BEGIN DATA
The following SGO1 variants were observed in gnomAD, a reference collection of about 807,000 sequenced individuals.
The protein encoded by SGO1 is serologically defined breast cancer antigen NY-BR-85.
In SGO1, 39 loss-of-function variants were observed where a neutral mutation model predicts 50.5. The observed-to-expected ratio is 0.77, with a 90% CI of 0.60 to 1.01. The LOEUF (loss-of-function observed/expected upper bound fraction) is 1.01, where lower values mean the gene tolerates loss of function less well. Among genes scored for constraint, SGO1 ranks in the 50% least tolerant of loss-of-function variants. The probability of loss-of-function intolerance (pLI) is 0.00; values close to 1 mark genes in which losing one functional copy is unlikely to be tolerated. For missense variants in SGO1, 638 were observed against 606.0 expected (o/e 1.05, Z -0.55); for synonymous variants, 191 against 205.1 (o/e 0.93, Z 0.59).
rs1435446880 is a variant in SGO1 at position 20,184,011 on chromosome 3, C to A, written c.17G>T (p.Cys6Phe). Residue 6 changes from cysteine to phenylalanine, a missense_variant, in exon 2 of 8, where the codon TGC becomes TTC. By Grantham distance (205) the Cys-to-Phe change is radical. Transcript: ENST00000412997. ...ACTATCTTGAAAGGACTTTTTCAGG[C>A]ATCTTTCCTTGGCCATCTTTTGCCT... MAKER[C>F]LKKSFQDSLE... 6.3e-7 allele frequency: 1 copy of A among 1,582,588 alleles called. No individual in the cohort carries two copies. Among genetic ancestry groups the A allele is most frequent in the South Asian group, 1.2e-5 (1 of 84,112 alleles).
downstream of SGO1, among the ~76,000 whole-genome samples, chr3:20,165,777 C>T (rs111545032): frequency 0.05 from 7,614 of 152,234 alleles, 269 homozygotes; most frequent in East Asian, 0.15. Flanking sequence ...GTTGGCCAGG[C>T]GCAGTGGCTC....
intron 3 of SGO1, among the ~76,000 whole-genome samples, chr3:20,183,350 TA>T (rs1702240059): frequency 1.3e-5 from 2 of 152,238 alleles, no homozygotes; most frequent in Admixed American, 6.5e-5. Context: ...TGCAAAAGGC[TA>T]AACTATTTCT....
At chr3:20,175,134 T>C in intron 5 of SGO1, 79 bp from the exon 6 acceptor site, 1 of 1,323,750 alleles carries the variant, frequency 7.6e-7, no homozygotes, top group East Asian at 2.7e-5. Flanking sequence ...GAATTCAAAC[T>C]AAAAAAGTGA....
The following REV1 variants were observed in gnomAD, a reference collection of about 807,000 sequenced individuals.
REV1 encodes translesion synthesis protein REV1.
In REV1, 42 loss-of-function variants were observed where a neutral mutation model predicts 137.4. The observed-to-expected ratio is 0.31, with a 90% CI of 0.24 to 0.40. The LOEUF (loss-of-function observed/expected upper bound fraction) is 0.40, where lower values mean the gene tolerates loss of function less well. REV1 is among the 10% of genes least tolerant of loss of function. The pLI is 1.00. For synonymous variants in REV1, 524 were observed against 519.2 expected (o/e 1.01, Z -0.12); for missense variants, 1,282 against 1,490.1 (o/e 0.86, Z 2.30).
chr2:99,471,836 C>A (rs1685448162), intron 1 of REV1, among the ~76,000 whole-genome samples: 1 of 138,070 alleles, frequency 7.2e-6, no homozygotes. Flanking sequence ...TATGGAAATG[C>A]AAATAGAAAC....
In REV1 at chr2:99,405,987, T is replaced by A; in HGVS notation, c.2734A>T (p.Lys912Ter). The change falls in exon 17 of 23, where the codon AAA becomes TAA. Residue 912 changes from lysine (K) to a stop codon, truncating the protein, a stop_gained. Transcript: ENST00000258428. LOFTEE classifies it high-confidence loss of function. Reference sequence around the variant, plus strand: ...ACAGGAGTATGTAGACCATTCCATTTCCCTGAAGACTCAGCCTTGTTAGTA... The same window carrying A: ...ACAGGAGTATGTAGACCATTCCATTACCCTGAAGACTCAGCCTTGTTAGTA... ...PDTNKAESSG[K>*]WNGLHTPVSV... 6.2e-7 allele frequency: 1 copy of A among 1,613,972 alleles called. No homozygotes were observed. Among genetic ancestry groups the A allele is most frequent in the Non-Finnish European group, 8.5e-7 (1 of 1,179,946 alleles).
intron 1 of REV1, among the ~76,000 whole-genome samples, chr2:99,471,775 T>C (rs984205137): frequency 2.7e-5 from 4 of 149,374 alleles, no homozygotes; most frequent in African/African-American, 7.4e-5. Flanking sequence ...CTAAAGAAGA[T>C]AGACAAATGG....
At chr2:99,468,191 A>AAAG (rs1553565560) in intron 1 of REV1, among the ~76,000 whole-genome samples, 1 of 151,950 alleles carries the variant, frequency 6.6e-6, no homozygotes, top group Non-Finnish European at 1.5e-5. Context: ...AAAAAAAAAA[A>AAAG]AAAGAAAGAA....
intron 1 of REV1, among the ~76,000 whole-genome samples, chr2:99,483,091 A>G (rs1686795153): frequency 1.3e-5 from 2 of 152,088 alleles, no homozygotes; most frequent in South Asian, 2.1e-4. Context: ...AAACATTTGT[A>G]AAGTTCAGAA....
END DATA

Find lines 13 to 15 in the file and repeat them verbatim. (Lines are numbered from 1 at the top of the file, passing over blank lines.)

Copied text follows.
intron 1 of REV1, among the ~76,000 whole-genome samples, chr2:99,471,775 T>C (rs984205137): frequency 2.7e-5 from 4 of 149,374 alleles, no homozygotes; most frequent in African/African-American, 7.4e-5. Flanking sequence ...CTAAAGAAGA[T>C]AGACAAATGG....
At chr2:99,468,191 A>AAAG (rs1553565560) in intron 1 of REV1, among the ~76,000 whole-genome samples, 1 of 151,950 alleles carries the variant, frequency 6.6e-6, no homozygotes, top group Non-Finnish European at 1.5e-5. Context: ...AAAAAAAAAA[A>AAAG]AAAGAAAGAA....
intron 1 of REV1, among the ~76,000 whole-genome samples, chr2:99,483,091 A>G (rs1686795153): frequency 1.3e-5 from 2 of 152,088 alleles, no homozygotes; most frequent in South Asian, 2.1e-4. Context: ...AAACATTTGT[A>G]AAGTTCAGAA....